The OF Blog: "Long" novels really do irritate me, it seems

Wednesday, May 05, 2010

"Long" novels really do irritate me, it seems

It is one thing when a novel has as much length as is necessary to tell a good tale, it is another matter when certain novels feel "longer" than perhaps they should have been.  Perhaps this has become ever-present in my mind ever since I started that re-read/commentary project three weeks ago, where virtually all of my non-BAF 4 readings are of multi-volume works.

The Dune Chronicles novels did not feel too "long" - most were around 400 MMPB pages and Herbert certainly seemed to need virtually all of those pages to flesh out the ideas he wanted to explore in each novel.  The WoT novels, on the other hand have felt much too "long" for the amount of content that's in there.  And now that I'm 3/4 done with the third SOIAF novel, A Storm of Swords, I'm beginning to feel something of the same sort toward this series, albeit in a much weaker form of the antipathy that I feel toward the WoT "longness."

Perhaps it's a matter of what constituted my formative reads.  I rarely read books longer than 400 pages growing up.  This is not to say I read "simple" works, but rather that the books that I did read (several "classics" of 17th-20th centuries European/American lit) tended to be more concisely written, perhaps in part because virtually all were mimetic fictions.  I understand the perceived "need" to explain the setting when it is an imaginary construct, but as I read these epic fantasies, my God do they feel as though the kitchen sink were explained in addition to the rest of the tale.  It's become a real slog in the past week or so to read these 800-1000 page monstrosities, especially when in most cases, the spirit of the novels could easily have been captured with a third fewer words.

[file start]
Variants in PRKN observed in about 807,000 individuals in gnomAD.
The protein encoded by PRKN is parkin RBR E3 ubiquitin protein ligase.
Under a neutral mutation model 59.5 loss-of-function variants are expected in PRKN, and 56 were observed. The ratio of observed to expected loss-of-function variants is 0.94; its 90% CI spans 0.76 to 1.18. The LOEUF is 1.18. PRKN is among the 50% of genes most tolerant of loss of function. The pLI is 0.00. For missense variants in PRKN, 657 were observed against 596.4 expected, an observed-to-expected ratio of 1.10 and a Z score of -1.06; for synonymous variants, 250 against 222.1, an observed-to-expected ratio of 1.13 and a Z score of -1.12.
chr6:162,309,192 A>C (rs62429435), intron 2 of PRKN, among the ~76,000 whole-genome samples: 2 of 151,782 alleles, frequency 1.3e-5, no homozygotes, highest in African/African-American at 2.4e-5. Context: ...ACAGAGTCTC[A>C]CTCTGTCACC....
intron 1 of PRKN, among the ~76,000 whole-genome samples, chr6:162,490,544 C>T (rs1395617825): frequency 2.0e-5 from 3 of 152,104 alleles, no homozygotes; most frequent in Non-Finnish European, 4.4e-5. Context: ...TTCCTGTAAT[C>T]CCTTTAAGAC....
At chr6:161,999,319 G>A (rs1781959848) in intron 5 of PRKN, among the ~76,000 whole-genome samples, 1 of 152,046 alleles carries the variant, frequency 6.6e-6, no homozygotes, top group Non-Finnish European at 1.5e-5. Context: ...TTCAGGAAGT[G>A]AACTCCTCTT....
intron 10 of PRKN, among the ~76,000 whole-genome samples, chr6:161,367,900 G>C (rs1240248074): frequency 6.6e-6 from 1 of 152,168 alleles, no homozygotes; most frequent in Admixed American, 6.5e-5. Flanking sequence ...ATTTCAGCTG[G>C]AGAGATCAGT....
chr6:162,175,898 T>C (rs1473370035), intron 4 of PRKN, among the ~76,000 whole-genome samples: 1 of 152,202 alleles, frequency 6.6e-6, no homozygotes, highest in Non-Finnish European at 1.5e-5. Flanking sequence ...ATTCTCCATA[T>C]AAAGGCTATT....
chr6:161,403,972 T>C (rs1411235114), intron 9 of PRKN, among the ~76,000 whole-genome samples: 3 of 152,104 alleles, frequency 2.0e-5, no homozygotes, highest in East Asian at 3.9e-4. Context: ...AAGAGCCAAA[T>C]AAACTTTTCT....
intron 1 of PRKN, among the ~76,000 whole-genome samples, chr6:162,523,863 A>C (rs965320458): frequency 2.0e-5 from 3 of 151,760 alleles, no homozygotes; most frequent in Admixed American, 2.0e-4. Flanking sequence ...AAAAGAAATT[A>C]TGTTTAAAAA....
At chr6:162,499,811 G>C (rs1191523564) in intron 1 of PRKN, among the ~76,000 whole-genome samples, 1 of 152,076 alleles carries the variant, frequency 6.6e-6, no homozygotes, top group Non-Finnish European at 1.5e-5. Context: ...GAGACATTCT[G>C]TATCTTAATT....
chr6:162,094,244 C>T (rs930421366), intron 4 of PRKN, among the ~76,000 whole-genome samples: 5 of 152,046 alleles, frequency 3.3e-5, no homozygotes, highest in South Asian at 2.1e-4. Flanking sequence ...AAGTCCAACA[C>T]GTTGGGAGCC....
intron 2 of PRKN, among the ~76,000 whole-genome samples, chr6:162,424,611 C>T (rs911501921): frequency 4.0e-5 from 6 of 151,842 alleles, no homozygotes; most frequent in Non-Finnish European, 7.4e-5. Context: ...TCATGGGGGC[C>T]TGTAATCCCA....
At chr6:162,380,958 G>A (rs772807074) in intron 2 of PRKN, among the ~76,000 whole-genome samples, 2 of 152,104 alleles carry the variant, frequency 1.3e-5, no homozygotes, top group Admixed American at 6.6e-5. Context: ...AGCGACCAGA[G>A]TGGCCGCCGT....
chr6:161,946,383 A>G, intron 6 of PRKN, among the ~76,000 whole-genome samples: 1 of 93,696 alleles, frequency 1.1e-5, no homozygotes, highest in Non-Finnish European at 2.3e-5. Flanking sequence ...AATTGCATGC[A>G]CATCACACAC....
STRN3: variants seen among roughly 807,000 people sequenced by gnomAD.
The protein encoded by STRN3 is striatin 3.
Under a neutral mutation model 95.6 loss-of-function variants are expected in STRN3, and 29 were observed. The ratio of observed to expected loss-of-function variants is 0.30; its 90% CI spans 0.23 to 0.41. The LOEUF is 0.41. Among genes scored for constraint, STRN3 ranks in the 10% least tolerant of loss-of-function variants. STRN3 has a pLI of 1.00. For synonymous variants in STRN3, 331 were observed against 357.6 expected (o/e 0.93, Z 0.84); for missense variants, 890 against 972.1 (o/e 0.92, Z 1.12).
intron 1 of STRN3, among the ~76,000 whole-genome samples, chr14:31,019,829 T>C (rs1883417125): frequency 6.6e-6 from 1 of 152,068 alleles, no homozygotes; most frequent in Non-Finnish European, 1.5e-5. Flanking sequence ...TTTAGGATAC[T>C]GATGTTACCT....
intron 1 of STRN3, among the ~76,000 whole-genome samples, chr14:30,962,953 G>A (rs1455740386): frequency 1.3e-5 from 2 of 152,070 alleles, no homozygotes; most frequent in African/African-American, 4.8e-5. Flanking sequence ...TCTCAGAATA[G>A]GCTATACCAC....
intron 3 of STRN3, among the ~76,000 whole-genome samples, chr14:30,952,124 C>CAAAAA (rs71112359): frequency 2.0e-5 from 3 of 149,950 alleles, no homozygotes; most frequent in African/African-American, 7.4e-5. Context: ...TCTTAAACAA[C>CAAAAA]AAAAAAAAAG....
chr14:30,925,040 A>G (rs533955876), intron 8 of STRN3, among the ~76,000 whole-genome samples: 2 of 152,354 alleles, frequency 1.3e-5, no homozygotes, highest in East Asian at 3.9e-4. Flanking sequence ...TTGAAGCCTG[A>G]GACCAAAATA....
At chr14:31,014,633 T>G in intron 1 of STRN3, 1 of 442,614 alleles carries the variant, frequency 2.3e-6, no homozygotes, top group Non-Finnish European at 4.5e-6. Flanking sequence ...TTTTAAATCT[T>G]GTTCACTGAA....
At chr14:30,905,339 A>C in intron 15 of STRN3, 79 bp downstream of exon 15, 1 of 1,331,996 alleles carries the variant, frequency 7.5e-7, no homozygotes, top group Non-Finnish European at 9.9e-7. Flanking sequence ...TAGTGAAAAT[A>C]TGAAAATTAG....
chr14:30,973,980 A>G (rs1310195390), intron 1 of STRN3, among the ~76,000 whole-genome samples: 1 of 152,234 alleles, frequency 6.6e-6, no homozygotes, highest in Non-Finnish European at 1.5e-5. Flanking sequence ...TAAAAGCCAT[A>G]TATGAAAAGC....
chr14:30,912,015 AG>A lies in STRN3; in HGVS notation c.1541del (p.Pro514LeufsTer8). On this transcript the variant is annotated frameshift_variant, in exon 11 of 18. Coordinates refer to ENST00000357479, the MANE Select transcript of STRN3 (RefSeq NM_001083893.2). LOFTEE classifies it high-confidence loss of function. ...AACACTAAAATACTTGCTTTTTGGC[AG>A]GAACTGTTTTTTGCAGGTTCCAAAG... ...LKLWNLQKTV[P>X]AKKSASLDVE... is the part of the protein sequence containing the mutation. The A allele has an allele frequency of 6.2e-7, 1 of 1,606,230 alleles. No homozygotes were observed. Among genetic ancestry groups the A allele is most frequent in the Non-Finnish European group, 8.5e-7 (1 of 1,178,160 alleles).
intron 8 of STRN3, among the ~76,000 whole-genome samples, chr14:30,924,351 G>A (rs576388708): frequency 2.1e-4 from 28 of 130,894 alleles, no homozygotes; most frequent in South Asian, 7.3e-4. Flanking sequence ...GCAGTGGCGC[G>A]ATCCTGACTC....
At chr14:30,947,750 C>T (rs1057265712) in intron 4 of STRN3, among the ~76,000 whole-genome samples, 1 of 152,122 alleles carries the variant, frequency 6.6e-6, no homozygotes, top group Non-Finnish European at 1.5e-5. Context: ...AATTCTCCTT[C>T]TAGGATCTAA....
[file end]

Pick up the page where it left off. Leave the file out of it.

I think beyond the stories themselves, it is this "longness" that I perceive in most of them that make it difficult for me to read many epic fantasies; certainly not this many (16 and counting) in a row.  I suspect this is something that will creep into my commentaries if I don't intersperse the readings with more than just the 2-3 magazines/journals I'm reading between these.  Shall be interesting to see what will grab my fancy around these re-reads.  I know Peter Burke's Varieties of Cultural History has been a great refresher for me when I just want to read a chapter or two of something completely different.

Ever experience anything similar to this?  What do you do about it when you want to read, but not read more of the same?

11 comments:

Neth said...

absolutely.

As my free time (read that as reading time) becomes shorter and shorter, I've become very aware of novel length. I do get annoyed when novels are overly long (even WOT novels, though I'm still an unabashed fanbory - for nostalgia as much anything). When selecting books to read, length is a key factor - 400 pages is about cutoff I use. Yes, I'll read something longer, but I'm much more likely to read something shorter.

But Larry, you know you prefer shorter novels. You know that epic fantasy is not your preferred form of fiction. Why on earth are reading so many right now? I honestly haven't been following your re-reading project - because of time, but also knowing what I do about your reading preferences, I find that I'm not all that interested in reading your reviews on them.

Larry said...

Ken,

I'm practicing what I've preached, about stepping outside one's "comfort zones" in reading. Although the unnecessary length in many epic fantasy novels irritates me, there are some elements that I have discovered that I like more than I had previously suspected. It is for that reason why I believe this has been a good (re)reading project, this sense of self-discovery. Not that all the commentaries are going to be as insightful as others, but I think in writing these, much has been revealed to myself about what I like, don't like, and how things can shift back and forth between the two.

Neth said...

ahh...well good to hear that you're finding it a productive endeaver. If I can find the time, I may go back a read some of them.

Larry said...

No rush - they'll still be there years from now :P

But I did decide to pick up a third novel to mix in with the others, Manuel Mujica Lainez's The Unicorn (or rather, the Spanish original, El unicornio). This is a very different form of fantasy. For some reason, the intro reminds me (favorably) of some of Peter Beagle's stories and it's not because of the title. Very smooth prose (no idea how it'd read in translation) and it's only a shade over 400 pages, so I'll probably read 50-100 pages here and there between the other books, so the sense of sameness won't hit me.

Gabriele C. said...

See, and I prefer those juicy big books (except for WoT which I gave up on because it has too much filler and I hated 95% of the female characters). I'm more likely to buy 600+ page books than those anorexic 350 page ones - it takes some good recommendations for me, or they need to be part of a series.